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Playlist: Tex Bailey's Favorites

Compiled By: Tex Bailey

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The Beatles: Every Little Thing - Episode 4

From Andy Cahn | Part of the The Beatles: Every Little Thing series | 54:00

ELT 4 includes a "Songs Within Songs" set (songs with references to other Beatles songs in the lyrics,) plus a two-fer from a John Lennon collection, and George Harrison discussing his first composition.

Elt-logo3_small ELT 4 includes a set of Beatles songs that mention other Beatles songs in the lyrics, Ringo Starr covering a Beatles song as a tribute to John, Paul McCartney teaming up with another British legend,  a two-fer from a John Lennon collection, and George Harrison discussing his first composition.

Beyond a Song (Series)

Produced by ISOAS Media

Most recent piece in this series:

Beyond a Song: Al Staehely (Part 3)

From ISOAS Media | Part of the Beyond a Song series | 01:00:00

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AL STAEHELY (Part 3): PUBLISHED ON PRX 1 / 23  / 2022 - BEYOND A SONG originates in BLOOMINGTON, INDIANA and is sponsored by:
THE BLUEBIRD NIGHTCLUBREAL TO REELS RECORDING STUDIO, AND VISITBLOOMINGTON.COM

Beyond a Song host Rich Reardin interviews bassist, guitarist, and singer/songwriter Al Staehely. Discussing a most unusual career divided between practicing law and performing rock ’n’ roll, Al Staehely describes his path almost like Dorothy traipsing through Oz, with numerous surreal encounters along the way.

He remembers working for ASCAP, the music-licensing organization, one summer in New York in the late 1960s when somebody offered two tickets to “The David Frost Show.” Staehely heard the Rolling Stones might appear. Turns out the guests instead were Linda Ronstadt and John Hartford. During the show, Frost asked Hartford about songwriting, and Hartford — a beloved roots-music square peg — asked if there were any songwriters in the audience.

I put up my hand and said, ‘I do,’ and the camera swung over to me,” Staehely says. “I about (expletive) my britches.”

Staehely didn’t have a lot of songs to his name, but had one about New York that he thought was catchy. Hartford handed him his guitar and added some banjo.

At the end the crowd was responsive. Frost gave me a thumbs up. An English journalist told me in the U.K. that would’ve made me an overnight sensation,” he recalls. “Linda Ronstadt came to the lobby to find me. But I didn’t have the presence of mind to get it all together and do something with it. I was just a greenhorn. By the time the show aired, I was back in Austin.”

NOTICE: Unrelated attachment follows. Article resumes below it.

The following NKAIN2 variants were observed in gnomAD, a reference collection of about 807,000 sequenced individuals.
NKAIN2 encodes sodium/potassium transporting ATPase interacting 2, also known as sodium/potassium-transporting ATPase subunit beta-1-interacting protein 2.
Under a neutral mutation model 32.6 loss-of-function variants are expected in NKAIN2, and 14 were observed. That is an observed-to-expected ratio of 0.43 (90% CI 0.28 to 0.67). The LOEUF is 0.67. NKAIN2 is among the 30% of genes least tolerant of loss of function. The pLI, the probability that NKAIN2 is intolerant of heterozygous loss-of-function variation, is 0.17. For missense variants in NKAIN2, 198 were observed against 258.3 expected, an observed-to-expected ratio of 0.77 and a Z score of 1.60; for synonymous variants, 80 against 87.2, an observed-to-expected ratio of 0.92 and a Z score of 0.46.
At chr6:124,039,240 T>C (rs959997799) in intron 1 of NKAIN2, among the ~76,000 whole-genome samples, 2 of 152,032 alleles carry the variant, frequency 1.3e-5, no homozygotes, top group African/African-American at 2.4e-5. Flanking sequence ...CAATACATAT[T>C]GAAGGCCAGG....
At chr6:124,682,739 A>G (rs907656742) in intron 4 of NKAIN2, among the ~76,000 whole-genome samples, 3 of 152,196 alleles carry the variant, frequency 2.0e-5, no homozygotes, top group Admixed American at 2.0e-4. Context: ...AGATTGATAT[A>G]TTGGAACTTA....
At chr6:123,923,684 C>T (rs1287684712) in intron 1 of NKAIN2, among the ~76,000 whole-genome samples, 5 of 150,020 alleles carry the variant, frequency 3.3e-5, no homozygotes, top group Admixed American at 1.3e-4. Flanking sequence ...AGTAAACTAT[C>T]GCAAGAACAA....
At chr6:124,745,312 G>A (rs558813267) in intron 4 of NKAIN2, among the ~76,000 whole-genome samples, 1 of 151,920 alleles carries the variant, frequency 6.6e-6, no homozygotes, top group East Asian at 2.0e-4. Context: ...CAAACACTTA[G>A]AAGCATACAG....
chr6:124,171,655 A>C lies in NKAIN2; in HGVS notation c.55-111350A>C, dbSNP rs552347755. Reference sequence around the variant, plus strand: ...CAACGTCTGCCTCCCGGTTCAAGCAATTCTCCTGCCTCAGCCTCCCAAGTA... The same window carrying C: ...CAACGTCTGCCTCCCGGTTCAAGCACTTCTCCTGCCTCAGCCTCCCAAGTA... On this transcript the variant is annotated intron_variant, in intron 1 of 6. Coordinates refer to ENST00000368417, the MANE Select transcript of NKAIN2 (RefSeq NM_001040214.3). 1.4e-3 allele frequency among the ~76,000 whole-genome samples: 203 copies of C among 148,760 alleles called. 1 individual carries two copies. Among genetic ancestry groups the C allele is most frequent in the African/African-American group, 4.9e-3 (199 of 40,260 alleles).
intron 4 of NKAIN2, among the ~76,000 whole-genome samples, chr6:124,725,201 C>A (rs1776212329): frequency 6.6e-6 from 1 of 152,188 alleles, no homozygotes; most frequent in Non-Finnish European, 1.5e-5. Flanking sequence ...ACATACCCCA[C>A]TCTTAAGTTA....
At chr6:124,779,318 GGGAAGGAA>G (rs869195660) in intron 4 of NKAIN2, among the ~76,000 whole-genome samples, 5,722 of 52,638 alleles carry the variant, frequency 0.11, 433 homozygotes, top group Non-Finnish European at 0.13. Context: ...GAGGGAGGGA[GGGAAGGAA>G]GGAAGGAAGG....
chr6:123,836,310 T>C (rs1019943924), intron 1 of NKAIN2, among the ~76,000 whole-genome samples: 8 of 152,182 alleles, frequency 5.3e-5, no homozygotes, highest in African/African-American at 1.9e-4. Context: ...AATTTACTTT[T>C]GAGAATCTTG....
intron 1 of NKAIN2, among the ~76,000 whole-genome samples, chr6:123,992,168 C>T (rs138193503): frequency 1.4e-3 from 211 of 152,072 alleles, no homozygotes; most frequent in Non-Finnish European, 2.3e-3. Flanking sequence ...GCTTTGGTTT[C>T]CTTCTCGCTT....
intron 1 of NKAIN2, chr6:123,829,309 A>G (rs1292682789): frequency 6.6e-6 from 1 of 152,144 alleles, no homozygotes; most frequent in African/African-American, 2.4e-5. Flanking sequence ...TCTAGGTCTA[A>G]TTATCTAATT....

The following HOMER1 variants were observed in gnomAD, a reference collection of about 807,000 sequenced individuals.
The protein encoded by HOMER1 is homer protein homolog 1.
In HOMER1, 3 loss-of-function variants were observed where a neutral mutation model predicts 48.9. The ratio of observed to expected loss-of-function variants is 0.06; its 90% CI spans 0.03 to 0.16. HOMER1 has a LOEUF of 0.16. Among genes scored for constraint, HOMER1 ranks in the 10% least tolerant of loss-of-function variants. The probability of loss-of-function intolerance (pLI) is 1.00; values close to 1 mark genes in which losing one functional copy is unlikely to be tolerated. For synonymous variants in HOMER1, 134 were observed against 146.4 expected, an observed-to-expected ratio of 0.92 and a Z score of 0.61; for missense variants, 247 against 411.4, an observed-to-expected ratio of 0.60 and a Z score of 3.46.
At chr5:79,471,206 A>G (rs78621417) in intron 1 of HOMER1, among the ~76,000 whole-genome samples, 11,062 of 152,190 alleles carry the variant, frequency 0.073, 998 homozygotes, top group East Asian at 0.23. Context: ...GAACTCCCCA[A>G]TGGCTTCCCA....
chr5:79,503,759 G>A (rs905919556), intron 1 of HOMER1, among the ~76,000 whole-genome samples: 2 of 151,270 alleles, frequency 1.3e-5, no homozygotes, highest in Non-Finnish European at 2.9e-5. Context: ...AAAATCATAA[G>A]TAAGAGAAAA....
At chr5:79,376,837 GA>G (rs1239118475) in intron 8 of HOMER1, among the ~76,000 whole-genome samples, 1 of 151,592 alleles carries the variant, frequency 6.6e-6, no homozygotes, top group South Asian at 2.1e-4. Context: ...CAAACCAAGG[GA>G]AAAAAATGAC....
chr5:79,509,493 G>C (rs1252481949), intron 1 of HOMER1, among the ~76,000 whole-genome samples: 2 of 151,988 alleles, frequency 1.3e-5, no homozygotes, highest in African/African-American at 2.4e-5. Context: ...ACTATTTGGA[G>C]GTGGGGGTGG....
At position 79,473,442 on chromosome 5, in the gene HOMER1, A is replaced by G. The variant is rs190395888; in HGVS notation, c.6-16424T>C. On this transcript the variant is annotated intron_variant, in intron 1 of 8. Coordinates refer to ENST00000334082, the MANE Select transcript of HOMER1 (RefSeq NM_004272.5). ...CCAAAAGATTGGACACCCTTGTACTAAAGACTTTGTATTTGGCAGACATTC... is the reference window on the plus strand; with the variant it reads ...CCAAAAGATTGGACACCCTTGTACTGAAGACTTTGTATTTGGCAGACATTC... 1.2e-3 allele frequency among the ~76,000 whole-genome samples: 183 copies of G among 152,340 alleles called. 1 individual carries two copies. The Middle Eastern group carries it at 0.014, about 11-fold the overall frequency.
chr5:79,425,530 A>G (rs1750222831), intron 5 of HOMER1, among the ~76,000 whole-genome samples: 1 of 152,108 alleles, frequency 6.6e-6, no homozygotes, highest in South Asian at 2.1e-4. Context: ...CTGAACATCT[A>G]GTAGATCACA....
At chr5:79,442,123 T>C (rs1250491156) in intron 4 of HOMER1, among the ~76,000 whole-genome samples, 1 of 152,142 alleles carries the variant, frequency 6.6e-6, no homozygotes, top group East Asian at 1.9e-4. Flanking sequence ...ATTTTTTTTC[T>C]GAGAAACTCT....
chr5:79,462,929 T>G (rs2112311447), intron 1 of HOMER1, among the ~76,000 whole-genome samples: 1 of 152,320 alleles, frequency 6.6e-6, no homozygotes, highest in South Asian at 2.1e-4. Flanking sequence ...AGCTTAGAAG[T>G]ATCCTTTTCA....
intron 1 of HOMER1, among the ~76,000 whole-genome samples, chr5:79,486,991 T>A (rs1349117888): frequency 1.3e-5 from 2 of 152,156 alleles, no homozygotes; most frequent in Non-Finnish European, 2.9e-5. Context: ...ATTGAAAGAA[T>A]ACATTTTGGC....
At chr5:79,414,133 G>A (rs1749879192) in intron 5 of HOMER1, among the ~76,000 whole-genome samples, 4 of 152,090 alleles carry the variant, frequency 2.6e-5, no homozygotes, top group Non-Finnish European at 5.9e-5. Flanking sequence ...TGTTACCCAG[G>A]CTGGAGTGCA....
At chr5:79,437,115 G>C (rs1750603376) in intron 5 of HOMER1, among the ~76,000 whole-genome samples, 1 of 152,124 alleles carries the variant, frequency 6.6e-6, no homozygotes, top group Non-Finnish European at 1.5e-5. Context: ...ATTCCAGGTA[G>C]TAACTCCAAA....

In Austin, Staehely finished law school, which would provide security for him for most of his adult life. But not before he took a detour: finding his way into the renowned rock band Spirit.

He wrote songs recorded by artists including Bobbie Gentry and Keith Moon. As half of the Staehely Brothers, he made a firecracker of an album with his sibling, guitarist John Christian Staehely. Even as he drifted away from music as a career, Staehely built a formidable archive of music that he’s been slowly unearthing and releasing, documenting life before his career as an entertainment lawyer.

I euphemistically refer to it as my vault,” he says. “But there is no actual vault.”

Go west

An Austin native, Staehely grew up in the city’s music scene in the 1960s. He describes that time as creatively fervent, but also jittery. Aspiring musicians found themselves going to college in hopes of avoiding being drafted and sent to Vietnam. Staehely saw law school as a way to stay out of combat and also as a vocational safety net.

Staehely thought he might settle in New York. He even auditioned for “Hair” during the summer of 1969. But he had more connections out west and knew “I wasn’t going to practice law until I’d given music a full time shot.”

In 1971, he headed to Los Angeles. He knew William “Curly” Smith, a drummer he’d played with, as well as several other Texans, like songwriter and Houston native Patti Dahlstrom and Linden native Don Henley.

His brother John had earned a reputation in Austin as “a hot (expletive) guitarist in Texas, where that’s a kind of currency.” John found himself in demand out west, too. After the psychedelic rock band Spirit released its landmark “Twelve Dreams of Dr. Sardonicus” in 1970, the lineup underwent an overhaul with the departure of three key members. Staehely became the singer and bassist, while his brother stepped in as guitarist.

The new Spirit released “Feedback” in 1972. With singer and guitarist Randy California gone, Spirit sounded quite different on standout tracks like “Cadillac Cowboys.” “John and I brought a little Texas flavor to the band that didn’t exist before. It wasn’t anything we tried to do. It’s just the way we were. The way we were writing, the way he played and the way I sang.”

The album sold fairly well, and a subsequent tour was successful, but soon that version of Spirit splintered and the two siblings formed the Staehely Brothers, who released “Sta-Hay-Lee” in 1973. The album sounds fresh nearly a half-century later: guitar-led ’70s rock with a soulful, rootsy vibe not too far removed from the sounds perfected by Delaney & Bonnie.

We were the same two guys, but we weren’t using the Spirit name anymore,” Staehely says. “That’s when I learned the value of a brand name. The reality is we couldn’t make a living just being the Staehely Brothers. John got an offer to join Jo Jo Gunne, and I couldn’t say, ‘Don’t do that.’ That was the beginning of a bunch of interesting stuff that happened.”

Licking wounds

Interesting stuff” includes further close calls with success and record label misadventures. Staehely got a deal for a solo album and was recording with an ace set of players that included guitar great Steve Cropper. But halfway through recording, the label went under.